As a person grows older, it is essential that they feel supported and connected to those around them. However, feeling connected can be challenging for those who live alone, especially veterans, as they may not have many opportunities to make friends and engage in social activities. One way to keep elderly veterans social and engaged is by making sure they live in active communities of their peers.
Veterans Living in Communities are Happier
Elders and veterans who live at home often feel isolated and lonely even if they have family that visits often. However, elders who live in residential communities with their peers are happier, healthier, and less lonely. Why is this? A community specifically designed for the disabled, aging, and veterans is set up to promote friendship, independence, health, and happiness.
Social Activities are Key to Health and Happiness
Anyone under the impression that veteran and elder communities are boring has never lived in one. Each assisted living residence hires an activities director to schedule activities and outings for those who live there. The residence will post a schedule in a public place, on the website, or pass out flyers to the residents to keep everyone up to date on upcoming activities and outings.
An Assortment of Activities
What types of activities can a person expect in these communities? Of course, activities will vary based on the interests and abilities of those who live there. Still, they can include game nights, bingo, movie nights, cooking classes, craft classes, book clubs, gardening, senior yoga, chair tai chi, dances, veteran gatherings, and more. In addition, it’s common for these residential communities to regularly schedule field trips to places like local stores, casinos, libraries, museums, and more.
Giving Veterans Opportunities to Connect
Why are activities and social gatherings important for veterans? Each activity is an opportunity for the veteran to make new friends and connect with other residents. Often, veterans live in these communities, and, when they meet others with similar backgrounds, they can share stories of their service, military, and life experiences. The more friends a veteran has the less likely they are to feel isolated and depressed.
Peace of Mind for the Family
When veterans or elders live alone, their families may worry that their daily needs are not being met. This is especially true when the loved one has dementia, memory issues, or a mental or physical disability. The great news is that the family knows that their loved one is being well cared for with the loved one living in one of these communities. Staff checks on the community residents regularly and makes sure that all residents have everything they need.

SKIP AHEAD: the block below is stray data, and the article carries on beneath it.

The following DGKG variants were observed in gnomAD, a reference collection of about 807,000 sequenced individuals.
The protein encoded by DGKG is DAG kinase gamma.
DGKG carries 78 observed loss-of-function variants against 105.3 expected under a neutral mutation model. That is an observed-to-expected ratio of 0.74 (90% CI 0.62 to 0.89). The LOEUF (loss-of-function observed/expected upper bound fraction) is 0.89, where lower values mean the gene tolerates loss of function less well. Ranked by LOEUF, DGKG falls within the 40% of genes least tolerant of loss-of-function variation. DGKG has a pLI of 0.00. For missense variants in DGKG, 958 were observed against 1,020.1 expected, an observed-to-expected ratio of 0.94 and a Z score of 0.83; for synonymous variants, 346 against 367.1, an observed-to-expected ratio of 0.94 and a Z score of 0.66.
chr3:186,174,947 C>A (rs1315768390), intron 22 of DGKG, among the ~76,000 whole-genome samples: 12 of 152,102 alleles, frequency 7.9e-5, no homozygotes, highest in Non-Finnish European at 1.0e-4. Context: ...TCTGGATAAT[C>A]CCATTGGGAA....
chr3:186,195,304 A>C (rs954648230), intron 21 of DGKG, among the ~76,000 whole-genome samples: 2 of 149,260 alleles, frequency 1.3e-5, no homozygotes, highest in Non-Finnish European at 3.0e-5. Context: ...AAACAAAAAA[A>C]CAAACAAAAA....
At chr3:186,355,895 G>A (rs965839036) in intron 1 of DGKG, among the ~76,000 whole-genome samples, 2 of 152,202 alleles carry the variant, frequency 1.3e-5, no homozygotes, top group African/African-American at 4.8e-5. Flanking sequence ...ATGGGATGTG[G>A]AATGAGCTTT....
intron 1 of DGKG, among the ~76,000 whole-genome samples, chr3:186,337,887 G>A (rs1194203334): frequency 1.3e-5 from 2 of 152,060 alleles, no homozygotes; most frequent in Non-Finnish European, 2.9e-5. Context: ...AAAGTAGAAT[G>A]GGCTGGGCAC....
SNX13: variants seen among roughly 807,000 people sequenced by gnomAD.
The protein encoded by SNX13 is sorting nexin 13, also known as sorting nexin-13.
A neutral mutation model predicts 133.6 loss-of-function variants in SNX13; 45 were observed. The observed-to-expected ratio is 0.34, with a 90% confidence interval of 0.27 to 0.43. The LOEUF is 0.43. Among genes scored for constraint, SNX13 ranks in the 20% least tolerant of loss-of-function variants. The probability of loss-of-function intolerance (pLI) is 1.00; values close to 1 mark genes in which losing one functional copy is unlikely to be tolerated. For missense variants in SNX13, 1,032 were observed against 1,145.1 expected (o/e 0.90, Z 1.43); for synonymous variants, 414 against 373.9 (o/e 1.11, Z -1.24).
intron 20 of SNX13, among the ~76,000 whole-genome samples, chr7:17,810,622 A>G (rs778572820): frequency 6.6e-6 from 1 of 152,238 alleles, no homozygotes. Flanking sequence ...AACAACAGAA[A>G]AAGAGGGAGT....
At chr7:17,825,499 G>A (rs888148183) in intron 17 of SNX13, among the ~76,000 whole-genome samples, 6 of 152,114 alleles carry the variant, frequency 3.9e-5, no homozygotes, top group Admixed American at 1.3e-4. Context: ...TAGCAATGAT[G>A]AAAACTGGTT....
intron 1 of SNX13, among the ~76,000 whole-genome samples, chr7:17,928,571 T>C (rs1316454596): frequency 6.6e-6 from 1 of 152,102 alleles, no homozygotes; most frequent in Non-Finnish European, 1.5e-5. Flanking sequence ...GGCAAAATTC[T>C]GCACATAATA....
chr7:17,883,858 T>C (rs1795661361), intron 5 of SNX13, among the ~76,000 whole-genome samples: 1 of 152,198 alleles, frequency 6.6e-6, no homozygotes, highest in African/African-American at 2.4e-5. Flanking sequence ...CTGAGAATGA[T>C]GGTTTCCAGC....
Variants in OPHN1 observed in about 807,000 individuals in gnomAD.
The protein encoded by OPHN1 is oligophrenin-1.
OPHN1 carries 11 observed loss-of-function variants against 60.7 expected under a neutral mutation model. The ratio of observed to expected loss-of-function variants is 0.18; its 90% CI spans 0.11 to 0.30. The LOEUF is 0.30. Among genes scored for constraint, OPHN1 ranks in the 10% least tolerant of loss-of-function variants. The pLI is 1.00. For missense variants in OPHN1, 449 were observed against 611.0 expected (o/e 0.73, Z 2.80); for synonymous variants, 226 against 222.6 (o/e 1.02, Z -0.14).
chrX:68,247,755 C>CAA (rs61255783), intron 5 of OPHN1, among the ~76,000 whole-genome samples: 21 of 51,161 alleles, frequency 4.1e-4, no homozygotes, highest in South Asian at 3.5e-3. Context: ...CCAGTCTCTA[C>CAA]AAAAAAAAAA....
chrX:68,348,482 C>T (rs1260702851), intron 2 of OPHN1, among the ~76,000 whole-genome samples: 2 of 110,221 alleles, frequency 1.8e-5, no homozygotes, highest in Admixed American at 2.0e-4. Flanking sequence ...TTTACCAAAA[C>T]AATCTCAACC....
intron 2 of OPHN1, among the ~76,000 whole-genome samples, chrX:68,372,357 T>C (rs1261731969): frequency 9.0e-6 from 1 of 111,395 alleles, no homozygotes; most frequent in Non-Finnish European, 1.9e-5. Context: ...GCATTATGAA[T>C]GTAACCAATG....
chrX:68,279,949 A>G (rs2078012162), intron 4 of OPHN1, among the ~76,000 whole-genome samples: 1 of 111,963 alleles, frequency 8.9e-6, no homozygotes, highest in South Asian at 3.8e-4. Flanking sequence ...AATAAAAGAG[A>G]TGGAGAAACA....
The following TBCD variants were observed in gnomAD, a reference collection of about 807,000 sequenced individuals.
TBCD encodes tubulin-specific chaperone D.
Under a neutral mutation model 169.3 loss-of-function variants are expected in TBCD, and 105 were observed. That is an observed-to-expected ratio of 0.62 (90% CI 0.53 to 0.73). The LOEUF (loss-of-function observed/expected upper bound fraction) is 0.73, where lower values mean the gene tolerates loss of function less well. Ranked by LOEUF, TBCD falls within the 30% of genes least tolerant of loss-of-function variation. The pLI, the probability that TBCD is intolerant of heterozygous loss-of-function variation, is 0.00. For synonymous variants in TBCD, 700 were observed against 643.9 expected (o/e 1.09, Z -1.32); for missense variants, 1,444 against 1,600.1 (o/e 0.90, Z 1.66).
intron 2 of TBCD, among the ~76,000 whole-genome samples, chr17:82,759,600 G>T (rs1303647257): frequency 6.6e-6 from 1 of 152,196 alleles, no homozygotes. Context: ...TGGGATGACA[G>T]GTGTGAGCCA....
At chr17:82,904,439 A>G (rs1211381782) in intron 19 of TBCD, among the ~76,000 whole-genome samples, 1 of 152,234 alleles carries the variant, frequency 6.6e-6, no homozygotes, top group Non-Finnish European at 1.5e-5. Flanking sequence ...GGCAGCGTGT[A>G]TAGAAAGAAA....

For the Veteran With Memory Issues
If the veteran or elder has memory issues, the community will offer memory care services. Communities for people with memory issues and dementia are set up with goals to reduce stress for the resident. These communities are safe and structured environments with set routines so that the veteran knows what to expect each day. The staff will assist the resident with any tasks needed, including:
- Tidying up
- Oral hygiene
People with memory problems commonly have histories of wandering off. The doors, elevators, or outdoor spaces may have alarms or require a keycode to keep the resident safe. Each of these communities is set up differently, so it is essential to ask about safety measures when touring the residence.
A Loving and Supportive Environment for Veterans
While some veterans may be mentally sharp and physically fit, this isn’t always the case. The staff in these communities are loving, patient, caring, and ready to assist residents with their daily needs. For example, when a new resident moves in, the caregivers will make an individualized plan of care for the resident that includes a list of any tasks or chores the resident may need help with. These intake assessments guarantee that the elder or veteran receives all of the services and individual support needed to succeed in their daily lives.
Schedule a Tour to Check the Residence Out
The best way to see if the residence is a place that will positively impact the veteran’s life is to schedule a tour and see the location in person. These communities love to give tours, show off their activity schedules, explain visitor policies, and more. Seeing the residence in person is also a great way to scope out the people living there. If the veteran discovers that many veterans are currently residing at the location during the tour, they will likely feel more relaxed about moving in.